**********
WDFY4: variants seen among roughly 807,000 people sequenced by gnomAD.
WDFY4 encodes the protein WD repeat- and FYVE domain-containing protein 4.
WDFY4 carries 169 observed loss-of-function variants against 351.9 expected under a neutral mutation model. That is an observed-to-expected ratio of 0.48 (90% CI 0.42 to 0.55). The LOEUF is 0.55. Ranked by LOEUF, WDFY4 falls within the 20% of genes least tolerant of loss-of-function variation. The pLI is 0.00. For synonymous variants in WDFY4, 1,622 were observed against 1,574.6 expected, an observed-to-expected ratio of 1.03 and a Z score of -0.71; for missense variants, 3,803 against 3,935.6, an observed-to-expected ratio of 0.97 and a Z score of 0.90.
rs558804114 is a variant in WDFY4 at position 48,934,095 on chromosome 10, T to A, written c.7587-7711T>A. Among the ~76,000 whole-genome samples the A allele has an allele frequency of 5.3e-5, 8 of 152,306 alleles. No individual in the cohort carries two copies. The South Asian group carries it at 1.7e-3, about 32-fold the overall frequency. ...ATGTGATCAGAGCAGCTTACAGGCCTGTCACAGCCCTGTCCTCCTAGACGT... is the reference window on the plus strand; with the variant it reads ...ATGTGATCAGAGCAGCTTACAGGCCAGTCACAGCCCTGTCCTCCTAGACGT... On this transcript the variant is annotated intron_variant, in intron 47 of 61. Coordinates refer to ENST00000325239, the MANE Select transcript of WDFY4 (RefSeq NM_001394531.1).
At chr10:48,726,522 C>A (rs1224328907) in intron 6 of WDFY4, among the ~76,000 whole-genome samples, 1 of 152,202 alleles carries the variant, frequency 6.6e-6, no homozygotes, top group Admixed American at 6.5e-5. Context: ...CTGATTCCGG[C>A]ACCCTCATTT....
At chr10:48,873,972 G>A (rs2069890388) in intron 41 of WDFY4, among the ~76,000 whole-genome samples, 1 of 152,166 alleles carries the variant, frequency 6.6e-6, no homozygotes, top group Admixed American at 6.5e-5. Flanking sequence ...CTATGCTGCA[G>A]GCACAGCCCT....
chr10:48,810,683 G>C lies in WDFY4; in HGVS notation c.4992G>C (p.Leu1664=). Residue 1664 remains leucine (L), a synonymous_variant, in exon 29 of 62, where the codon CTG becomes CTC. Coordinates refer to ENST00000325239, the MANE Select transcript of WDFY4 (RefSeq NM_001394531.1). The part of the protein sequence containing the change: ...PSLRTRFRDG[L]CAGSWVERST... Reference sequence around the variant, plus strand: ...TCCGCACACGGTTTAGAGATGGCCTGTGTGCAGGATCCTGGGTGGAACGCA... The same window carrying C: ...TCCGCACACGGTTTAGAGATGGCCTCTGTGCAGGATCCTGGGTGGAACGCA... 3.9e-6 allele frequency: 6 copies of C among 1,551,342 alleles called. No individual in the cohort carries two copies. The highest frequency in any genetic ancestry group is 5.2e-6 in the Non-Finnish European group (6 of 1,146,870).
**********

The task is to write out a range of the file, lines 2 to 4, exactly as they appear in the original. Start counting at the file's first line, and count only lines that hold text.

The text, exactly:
WDFY4 encodes the protein WD repeat- and FYVE domain-containing protein 4.
WDFY4 carries 169 observed loss-of-function variants against 351.9 expected under a neutral mutation model. That is an observed-to-expected ratio of 0.48 (90% CI 0.42 to 0.55). The LOEUF is 0.55. Ranked by LOEUF, WDFY4 falls within the 20% of genes least tolerant of loss-of-function variation. The pLI is 0.00. For synonymous variants in WDFY4, 1,622 were observed against 1,574.6 expected, an observed-to-expected ratio of 1.03 and a Z score of -0.71; for missense variants, 3,803 against 3,935.6, an observed-to-expected ratio of 0.97 and a Z score of 0.90.
rs558804114 is a variant in WDFY4 at position 48,934,095 on chromosome 10, T to A, written c.7587-7711T>A. Among the ~76,000 whole-genome samples the A allele has an allele frequency of 5.3e-5, 8 of 152,306 alleles. No individual in the cohort carries two copies. The South Asian group carries it at 1.7e-3, about 32-fold the overall frequency. ...ATGTGATCAGAGCAGCTTACAGGCCTGTCACAGCCCTGTCCTCCTAGACGT... is the reference window on the plus strand; with the variant it reads ...ATGTGATCAGAGCAGCTTACAGGCCAGTCACAGCCCTGTCCTCCTAGACGT... On this transcript the variant is annotated intron_variant, in intron 47 of 61. Coordinates refer to ENST00000325239, the MANE Select transcript of WDFY4 (RefSeq NM_001394531.1).